White 2 Playthrough Journal, episode 18: Chaos theory

Undella Town passes us in a blur.  Not literally, of course; we just weren’t paying attention.  There are a few new areas – the Marine Tube which supposedly leads to Humilau City, and the Seaside Cave which also supposedly leads to Humilau City, but neither is open to us at present.  We’re pretty sure Hugh turned up at some point and demanded some practice battles, but he said little of interest or relevance.  The road south to Black City and White Forest was much as it always has been, although the gatehouse at the end of the road is perhaps notable for being host to Game Freak’s most bizarre roadblock yet: a line of dancing fat men, who, when questioned, will explain that they are dancing for no reason, and will someday stop dancing, also for no reason.  I stare at them, transfixed, with an immovable look of “wha?” on my face, until Jim manages to drag me out of the gatehouse.  The road north towards Lacunosa Town, likewise, is largely unchanged and uninteresting – until we reach the point where it forks toward the Giant Chasm.  The Chasm itself is inaccessible, but there is someone at the junction waiting for us: Cobalion.

I tell Jim, insistently, to leave this to me.  He raises an eyebrow, but agrees.  I approach Cobalion and politely ask him whether we may continue our negotiations.  Cobalion lowers his head, ready to charge.  I smile, taking this as an affirmative, and open my mouth to begin an impassioned speech on the natural suitability of humans for command and Pokémon for obedience.  My plan, of course, is to moderate my position as the debate continues, thus creating the impression that I am a) reasonable (hah!) and b) receptive to Cobalion’s own arguments.  Unfortunately, Cobalion delivers a startlingly effective riposte in the form of a Sacred Sword attack, which neatly lops off one of my Princess Leia buns as I dodge to the side.  For a few moments I stare at Cobalion, dumbfounded.  Has this creature no conception of civility!?  I am collecting myself for a cutting remark on Cobalion’s parentage when he prepares to initiate an Iron Head attack.  The thought momentarily occurs to me that perhaps a somewhat more aggressive diplomatic strategy would have been apropos.  As I contemplate my imminent premature demise, a pair of thick green tendrils lash out of nowhere and snare Cobalion around his neck and one leg.  As he screams with rage, I spin around to see Jim’s Serperior, Ulfric, straining to keep a tight hold on the legendary Pokémon with his Vine Whips.  Jim orders Ulfric to hurl him into the air, and the Serperior obliges, flinging Cobalion roughly into a nearby tree.  The musketeer Pokémon recovers quickly, though, and within moments they are at each other’s throats, Leaf Blade against Sacred Sword.  I draw an Ultra Ball from my bag.  This has gone on long enough.  I lob the Ultra Ball with all my strength, chanting “up, down, A, B, up down, B, A” under my breath.  It strikes Cobalion and draws him in with a flash of light.  A few moments later, it’s all over.  Jim stares at me as though I’ve swiped a sandwich from his open mouth.  I poke my tongue out at him and dismiss Cobalion’s ball to the PC network.  I’ll deal with you later.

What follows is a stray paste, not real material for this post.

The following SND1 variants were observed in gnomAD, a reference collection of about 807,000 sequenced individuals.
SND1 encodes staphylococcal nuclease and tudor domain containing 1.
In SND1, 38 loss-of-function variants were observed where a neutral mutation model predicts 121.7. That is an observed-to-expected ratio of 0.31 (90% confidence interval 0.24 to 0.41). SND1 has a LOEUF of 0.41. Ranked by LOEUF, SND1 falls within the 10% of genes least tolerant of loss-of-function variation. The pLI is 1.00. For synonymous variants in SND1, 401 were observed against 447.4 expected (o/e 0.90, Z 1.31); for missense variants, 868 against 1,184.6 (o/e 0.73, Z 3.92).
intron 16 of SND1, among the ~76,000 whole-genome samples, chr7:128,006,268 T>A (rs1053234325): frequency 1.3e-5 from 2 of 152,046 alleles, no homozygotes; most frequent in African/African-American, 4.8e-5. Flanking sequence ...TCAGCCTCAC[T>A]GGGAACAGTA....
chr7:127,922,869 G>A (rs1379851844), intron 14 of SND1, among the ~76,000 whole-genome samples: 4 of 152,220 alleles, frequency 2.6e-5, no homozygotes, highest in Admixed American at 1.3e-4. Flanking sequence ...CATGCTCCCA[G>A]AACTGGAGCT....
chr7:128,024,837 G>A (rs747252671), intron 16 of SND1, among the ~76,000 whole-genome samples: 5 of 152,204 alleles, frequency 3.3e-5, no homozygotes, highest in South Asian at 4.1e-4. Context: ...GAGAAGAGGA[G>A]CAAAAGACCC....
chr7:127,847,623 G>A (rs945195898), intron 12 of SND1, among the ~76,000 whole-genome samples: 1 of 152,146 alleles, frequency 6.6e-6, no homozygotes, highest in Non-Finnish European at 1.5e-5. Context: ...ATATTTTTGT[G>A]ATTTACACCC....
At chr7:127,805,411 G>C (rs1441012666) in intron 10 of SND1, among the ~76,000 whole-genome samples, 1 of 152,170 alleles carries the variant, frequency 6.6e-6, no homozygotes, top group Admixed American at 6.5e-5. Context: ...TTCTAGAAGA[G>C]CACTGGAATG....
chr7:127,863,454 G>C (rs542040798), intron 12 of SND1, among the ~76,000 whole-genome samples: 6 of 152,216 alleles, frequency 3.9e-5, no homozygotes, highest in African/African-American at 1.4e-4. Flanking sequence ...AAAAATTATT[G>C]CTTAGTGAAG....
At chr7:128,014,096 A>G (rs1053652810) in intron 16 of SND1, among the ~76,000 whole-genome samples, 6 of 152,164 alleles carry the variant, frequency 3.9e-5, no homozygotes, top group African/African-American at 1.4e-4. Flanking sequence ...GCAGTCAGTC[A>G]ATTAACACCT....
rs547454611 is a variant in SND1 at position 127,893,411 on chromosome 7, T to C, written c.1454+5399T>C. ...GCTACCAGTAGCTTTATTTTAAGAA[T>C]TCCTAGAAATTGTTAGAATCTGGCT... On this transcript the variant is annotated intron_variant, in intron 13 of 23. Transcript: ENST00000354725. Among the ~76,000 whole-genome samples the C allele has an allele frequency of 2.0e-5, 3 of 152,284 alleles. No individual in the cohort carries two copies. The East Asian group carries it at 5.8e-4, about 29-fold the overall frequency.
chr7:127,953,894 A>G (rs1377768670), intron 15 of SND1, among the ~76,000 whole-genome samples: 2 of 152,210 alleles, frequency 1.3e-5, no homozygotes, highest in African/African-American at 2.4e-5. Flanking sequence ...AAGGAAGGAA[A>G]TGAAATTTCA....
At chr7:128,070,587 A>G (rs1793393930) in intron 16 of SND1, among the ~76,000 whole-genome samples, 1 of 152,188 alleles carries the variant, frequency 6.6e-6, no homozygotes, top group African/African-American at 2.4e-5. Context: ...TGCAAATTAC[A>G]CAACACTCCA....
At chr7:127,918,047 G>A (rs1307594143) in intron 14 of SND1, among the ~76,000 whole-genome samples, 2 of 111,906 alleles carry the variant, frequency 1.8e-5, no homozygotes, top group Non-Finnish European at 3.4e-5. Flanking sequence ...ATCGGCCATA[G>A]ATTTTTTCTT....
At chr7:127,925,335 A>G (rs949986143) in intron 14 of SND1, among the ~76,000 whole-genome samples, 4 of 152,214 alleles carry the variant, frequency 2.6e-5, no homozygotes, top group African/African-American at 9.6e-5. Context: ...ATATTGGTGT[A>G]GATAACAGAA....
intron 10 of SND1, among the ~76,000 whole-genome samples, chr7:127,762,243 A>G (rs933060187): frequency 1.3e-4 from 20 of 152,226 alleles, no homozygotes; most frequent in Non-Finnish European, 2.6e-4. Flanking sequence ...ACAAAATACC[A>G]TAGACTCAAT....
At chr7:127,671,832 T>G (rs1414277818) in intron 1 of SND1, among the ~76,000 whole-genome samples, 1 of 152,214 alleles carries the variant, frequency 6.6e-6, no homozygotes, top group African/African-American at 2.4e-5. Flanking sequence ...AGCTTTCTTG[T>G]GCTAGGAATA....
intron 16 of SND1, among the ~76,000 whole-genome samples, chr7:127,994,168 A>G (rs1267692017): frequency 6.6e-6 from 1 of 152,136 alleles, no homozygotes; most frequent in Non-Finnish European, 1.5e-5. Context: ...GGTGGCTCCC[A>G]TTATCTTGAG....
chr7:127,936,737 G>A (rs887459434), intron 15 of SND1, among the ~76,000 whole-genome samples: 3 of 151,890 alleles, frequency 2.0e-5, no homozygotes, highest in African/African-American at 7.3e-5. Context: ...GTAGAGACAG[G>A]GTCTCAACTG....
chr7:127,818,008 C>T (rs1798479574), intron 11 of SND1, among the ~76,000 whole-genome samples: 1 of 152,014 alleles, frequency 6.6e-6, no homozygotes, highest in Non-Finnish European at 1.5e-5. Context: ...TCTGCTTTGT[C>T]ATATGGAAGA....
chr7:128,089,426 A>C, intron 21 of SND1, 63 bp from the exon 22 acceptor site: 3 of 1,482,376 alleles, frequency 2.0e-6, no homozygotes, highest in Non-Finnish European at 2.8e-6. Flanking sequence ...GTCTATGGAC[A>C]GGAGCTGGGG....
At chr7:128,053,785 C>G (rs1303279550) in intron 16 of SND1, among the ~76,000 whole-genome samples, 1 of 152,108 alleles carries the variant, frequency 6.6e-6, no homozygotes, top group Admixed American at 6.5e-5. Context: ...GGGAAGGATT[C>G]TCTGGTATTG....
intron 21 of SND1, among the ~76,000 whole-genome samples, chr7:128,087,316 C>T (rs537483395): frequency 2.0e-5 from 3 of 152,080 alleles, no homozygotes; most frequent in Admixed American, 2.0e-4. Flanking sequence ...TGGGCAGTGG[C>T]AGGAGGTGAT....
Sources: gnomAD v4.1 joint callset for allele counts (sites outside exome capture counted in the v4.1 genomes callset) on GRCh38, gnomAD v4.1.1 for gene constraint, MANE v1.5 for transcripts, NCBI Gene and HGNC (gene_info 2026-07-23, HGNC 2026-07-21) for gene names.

With that behind us, we arrive in the only walled city in all of Unova – Lacunosa Town.  I remember this place being kind of pointless, other than for providing some vague hints about- oh.  Ah.  Right.  Better look around.  We are soon met by Professor Juniper and Bianca, who have used Fly (i.e. cheated) to beat us here, and as usual have their own ideas about how our investigation should proceed.  Juniper drags us to the home of one of Lacunosa Town’s elders, explaining that the town has a legend we should hear.  The elder relates the familiar story to us: when the cold winds blow from the nearby Giant Chasm, a fearsome beast stalked the night, snatching away anyone who wandered outside after dark.  The town’s great stone wall was built to defend against this monster, but even to this day no-one in Lacunosa Town will leave home after dark.  Professor Juniper comments that the wall is probably what gives the town its name; lacunosus clouds are a type of cloud that are supposed to look like a fence or a net.  Jim and I have to conceal a snigger at this.  Lacunosa Town is named for its wall, but clearly the town’s founders were influenced by either an astonishing lack of confidence in their stonework or a distressingly poor command of Latin – lacunosus means “full of holes” (this, I should note, is its strictest, most literal sense; it could also be taken to mean “collapsed,” “sunken,” “waterlogged,” or just downright “inadequate”).  The more sobering thought then occurs to us that, if a legendary Pokémon as powerful as Kyurem were to attack the town, that name might turn out to be chillingly accurate.